Since public health officials began recommending in 2006 that young women be routinely vaccinated against HPV, many parents have hesitated over fears that doing so might give their children license to have sex. But new research published in the journal Pediatrics may help ease those fears.
Looking at a sample of nearly 1,400 girls, the researchers found no evidence that those who were vaccinated beginning around age 11 went on to engage in more sexual activity than girls who were not vaccinated.
“We’re hopeful that once physicians see this, it will give them evidence that they can give to parents,” said Robert Bednarczyk, the lead author of the report and a clinical investigator with the Kaiser Permanente Center for Health Research Southeast in Atlanta. “Hopefully when parents see this, it’ll be reassuring to them and we can start to overcome this barrier.”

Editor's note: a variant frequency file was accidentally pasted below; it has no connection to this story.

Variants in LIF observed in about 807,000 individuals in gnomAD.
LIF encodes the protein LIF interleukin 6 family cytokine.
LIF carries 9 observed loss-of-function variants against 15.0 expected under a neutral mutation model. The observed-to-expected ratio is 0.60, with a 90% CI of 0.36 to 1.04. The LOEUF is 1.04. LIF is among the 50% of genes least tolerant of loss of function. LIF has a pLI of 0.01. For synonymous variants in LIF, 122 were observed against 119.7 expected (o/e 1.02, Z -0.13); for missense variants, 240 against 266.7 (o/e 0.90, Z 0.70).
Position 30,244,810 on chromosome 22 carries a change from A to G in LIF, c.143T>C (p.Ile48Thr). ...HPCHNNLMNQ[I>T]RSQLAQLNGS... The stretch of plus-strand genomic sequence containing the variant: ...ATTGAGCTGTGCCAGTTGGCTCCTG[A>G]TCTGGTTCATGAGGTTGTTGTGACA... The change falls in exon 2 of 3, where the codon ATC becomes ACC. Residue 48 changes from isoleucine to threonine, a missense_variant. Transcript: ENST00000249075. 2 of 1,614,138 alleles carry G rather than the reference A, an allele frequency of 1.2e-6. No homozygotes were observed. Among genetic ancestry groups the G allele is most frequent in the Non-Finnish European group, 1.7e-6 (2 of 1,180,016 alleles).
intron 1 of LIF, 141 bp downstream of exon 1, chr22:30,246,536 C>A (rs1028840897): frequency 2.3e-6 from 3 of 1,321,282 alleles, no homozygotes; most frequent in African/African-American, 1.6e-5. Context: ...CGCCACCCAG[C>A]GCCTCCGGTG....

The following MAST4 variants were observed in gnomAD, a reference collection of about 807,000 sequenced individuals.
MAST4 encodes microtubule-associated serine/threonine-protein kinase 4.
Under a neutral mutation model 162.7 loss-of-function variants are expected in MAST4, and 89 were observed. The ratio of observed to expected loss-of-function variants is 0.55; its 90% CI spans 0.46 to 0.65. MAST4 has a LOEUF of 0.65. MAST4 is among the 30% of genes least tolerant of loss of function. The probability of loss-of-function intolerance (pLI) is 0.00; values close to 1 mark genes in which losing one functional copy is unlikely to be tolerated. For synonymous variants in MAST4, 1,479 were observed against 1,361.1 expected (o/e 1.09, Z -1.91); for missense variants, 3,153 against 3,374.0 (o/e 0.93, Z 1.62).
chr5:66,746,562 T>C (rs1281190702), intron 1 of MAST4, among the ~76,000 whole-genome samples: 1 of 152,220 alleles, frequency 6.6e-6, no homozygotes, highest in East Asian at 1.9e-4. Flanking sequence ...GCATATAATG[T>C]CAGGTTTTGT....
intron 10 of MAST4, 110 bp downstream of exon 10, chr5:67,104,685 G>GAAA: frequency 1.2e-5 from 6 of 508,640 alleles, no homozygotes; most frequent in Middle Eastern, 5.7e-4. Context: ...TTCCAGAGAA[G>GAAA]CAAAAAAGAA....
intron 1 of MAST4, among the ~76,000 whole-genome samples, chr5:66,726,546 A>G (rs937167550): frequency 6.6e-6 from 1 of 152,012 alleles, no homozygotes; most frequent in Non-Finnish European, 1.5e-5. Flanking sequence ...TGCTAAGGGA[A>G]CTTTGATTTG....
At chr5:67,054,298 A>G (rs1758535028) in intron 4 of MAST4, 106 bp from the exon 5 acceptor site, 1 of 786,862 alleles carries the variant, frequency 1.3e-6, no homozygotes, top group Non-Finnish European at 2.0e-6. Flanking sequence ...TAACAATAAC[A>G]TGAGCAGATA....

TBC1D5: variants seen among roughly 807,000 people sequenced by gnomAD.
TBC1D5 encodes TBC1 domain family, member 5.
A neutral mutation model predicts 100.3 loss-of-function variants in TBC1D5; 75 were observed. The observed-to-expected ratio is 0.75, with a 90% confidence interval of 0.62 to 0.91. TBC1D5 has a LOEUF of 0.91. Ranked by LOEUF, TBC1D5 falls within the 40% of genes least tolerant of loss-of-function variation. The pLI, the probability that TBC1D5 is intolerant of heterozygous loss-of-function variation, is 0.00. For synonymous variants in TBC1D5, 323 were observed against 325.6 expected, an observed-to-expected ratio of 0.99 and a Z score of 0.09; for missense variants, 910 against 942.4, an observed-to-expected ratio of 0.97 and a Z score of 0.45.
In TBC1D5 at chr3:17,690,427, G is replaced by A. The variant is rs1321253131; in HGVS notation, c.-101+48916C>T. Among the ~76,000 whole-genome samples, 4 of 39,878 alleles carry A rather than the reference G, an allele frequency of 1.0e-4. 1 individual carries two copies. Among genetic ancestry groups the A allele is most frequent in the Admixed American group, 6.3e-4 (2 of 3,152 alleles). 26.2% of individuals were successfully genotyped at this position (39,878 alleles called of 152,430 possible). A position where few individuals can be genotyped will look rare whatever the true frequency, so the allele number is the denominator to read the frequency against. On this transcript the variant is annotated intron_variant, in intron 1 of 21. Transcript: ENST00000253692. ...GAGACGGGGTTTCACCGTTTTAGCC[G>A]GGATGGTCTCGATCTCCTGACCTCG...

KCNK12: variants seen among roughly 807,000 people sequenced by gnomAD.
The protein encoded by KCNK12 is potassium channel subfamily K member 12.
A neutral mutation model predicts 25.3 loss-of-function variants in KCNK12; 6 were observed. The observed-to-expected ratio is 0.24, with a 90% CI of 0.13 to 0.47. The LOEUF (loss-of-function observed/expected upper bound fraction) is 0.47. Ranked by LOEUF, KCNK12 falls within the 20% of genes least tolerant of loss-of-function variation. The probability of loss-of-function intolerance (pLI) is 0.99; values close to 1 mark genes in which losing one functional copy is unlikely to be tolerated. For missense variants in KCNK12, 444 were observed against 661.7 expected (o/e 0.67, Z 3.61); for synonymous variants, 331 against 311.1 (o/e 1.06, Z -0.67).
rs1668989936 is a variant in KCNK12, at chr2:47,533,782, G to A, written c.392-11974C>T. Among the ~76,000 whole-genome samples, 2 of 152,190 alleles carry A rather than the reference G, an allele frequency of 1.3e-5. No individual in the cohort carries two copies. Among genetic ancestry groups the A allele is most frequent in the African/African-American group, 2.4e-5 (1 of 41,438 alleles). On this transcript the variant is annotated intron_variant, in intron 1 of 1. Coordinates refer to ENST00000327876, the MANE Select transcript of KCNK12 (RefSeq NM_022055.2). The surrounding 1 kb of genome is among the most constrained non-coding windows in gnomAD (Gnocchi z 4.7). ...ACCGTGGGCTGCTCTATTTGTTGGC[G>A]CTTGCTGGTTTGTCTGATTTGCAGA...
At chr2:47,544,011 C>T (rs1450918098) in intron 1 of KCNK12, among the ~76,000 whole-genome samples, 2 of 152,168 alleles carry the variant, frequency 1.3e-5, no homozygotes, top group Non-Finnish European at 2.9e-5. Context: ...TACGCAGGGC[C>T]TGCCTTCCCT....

HPV, the most common sexually transmitted virus in the United States, can cause cancers of the cervix, anus and parts of the throat. Federal health officials began recommending in 2006 that girls be vaccinated as early as age 11 and last year made a similar recommendation for preadolescent boys. The idea is to maximize the vaccine’s protective effects.
According to research, nearly a third of children 14 to 19 are infected with HPV. But despite the federal recommendations, vaccination rates around the country remain low.
In addition to the HPV vaccine, federal guidelines also call for 11-year-olds to be immunized against meningitis, tetanus, diphtheria and pertussis.